Grudlow approaches. Time slows down. I'm playing that assassin theme from Kill Bill on my laptop, but distorted and reversed. I unveil Grudlow's chef strategy, placed there at the start of the session: he's going to burn the place down from the outside and watch everyone slow roast. He throws two torches in through the front door.

Suicide zombies out. Next preemptive strategy revealed: sniper on the roof. Nails the zombies, they explode on contact. Place is on fire. Party leaves through the back alley, having seen what happened to the zombies. They had Haste potions before, so they use them to escape the flames. In the back alley, they get ambushed by a shapeshifter and a trash wizard. Deal with them easy enough, despite their Haste as well.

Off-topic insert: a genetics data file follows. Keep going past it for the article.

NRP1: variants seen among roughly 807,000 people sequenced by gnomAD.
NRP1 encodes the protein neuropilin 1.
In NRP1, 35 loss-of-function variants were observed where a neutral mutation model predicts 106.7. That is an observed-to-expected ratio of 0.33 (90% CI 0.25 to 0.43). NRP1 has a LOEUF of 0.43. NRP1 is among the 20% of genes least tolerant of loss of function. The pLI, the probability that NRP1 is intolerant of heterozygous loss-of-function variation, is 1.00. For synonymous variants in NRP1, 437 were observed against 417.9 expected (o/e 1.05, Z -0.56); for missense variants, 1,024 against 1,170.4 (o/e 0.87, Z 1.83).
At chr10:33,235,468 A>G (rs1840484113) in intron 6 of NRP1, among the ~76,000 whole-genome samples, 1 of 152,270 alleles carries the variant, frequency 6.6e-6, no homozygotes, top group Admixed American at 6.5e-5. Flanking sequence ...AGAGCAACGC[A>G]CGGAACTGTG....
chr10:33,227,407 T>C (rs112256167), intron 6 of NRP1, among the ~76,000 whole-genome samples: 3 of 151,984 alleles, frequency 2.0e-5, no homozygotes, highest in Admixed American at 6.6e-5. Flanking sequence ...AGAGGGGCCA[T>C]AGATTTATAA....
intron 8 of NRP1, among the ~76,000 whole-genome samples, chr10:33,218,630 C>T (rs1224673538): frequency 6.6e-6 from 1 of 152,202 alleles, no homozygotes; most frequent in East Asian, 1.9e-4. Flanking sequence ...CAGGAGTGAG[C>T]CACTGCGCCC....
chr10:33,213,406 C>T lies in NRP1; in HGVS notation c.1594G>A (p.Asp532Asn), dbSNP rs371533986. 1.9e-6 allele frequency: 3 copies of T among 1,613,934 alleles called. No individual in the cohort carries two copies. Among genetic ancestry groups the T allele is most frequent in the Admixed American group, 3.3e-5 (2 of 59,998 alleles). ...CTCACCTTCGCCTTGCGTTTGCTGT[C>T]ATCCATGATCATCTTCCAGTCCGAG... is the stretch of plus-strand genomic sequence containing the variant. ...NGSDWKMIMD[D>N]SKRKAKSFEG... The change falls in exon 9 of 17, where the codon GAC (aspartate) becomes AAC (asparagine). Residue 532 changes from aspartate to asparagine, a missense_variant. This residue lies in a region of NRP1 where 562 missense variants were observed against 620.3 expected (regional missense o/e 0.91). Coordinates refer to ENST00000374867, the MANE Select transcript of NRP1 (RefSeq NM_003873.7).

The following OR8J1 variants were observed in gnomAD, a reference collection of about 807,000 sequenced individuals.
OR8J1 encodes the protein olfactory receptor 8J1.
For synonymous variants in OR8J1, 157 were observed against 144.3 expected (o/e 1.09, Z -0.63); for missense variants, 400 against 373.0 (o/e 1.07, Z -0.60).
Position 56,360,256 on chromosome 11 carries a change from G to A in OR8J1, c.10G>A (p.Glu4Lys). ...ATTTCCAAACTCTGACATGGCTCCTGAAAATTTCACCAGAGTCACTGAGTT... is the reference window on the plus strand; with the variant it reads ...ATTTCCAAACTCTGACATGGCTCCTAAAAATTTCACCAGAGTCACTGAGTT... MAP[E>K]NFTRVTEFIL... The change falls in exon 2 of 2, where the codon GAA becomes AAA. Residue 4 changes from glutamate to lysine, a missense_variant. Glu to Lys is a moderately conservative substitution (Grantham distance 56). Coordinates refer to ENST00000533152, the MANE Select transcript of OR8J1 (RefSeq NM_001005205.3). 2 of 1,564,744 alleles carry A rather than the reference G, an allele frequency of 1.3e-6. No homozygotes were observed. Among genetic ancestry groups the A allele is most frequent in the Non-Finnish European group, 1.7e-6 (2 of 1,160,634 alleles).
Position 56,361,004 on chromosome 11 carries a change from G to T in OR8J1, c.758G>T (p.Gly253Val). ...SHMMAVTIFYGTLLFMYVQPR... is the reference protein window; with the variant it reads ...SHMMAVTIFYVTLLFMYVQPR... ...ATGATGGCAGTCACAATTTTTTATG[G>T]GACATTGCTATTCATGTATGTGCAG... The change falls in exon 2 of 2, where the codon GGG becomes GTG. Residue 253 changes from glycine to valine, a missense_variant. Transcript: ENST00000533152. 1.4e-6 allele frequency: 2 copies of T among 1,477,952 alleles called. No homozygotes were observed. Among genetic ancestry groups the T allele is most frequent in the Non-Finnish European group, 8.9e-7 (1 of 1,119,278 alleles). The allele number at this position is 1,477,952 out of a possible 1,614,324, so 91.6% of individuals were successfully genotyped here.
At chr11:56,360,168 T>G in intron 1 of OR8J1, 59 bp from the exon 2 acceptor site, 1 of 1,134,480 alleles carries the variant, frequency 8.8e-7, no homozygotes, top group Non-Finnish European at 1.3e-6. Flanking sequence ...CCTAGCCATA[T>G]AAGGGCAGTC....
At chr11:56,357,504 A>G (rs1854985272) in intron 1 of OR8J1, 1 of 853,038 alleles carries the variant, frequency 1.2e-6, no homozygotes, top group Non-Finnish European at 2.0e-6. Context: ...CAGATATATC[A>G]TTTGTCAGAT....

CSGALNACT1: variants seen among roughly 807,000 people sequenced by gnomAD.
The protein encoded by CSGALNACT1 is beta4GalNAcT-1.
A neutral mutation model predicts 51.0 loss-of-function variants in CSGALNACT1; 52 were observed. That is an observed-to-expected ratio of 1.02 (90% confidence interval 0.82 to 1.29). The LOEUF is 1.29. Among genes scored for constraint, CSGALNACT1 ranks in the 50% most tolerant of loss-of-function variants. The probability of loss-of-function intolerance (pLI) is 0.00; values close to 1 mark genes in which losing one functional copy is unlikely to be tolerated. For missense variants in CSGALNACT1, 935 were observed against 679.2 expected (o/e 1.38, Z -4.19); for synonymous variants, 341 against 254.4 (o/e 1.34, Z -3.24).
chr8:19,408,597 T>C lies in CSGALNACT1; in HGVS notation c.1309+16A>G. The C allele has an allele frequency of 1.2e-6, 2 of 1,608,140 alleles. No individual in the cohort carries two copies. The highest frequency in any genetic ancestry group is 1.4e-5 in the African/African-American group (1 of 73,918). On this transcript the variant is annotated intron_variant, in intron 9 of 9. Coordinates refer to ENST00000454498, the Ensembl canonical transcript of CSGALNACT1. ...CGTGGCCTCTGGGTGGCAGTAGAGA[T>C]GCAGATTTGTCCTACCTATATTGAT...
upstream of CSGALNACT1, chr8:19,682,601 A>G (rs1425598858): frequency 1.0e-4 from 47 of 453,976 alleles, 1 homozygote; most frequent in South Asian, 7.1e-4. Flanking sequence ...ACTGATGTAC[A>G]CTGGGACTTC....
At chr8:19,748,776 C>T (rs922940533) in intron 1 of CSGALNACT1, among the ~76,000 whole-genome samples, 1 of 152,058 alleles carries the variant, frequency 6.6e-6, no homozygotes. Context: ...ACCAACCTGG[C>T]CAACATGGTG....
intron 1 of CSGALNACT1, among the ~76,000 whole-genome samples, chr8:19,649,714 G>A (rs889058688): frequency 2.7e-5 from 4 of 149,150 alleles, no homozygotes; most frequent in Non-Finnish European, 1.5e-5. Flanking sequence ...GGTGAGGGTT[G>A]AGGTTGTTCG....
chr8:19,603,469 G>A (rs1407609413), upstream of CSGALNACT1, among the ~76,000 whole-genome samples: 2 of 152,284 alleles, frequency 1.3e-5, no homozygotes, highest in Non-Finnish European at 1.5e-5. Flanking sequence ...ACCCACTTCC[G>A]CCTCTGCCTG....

After that, they approach the main alley where Grudlow is waiting. Monk takes a peek, avoiding a shot from the sniper. Fighter takes the next shot on a shield while the monk uses their Adjacency Glove (TM) to become adjacent to the sniper, then monk-kicks him off the roof.

Grudlow's got two lackeys with him. I reveal the next bit of paper: a hostage. He took an important employee of the party, and now he had a knife at her throat. Monk wins initiative, thinks he can save the hostage with some quick moves. As this happens, the last bit of paper gets revealed: the hostage is a disguised assassin. The monk goes from full health to dead in a single turn, shanked by a poison blade and cut to pieces by Grudlow.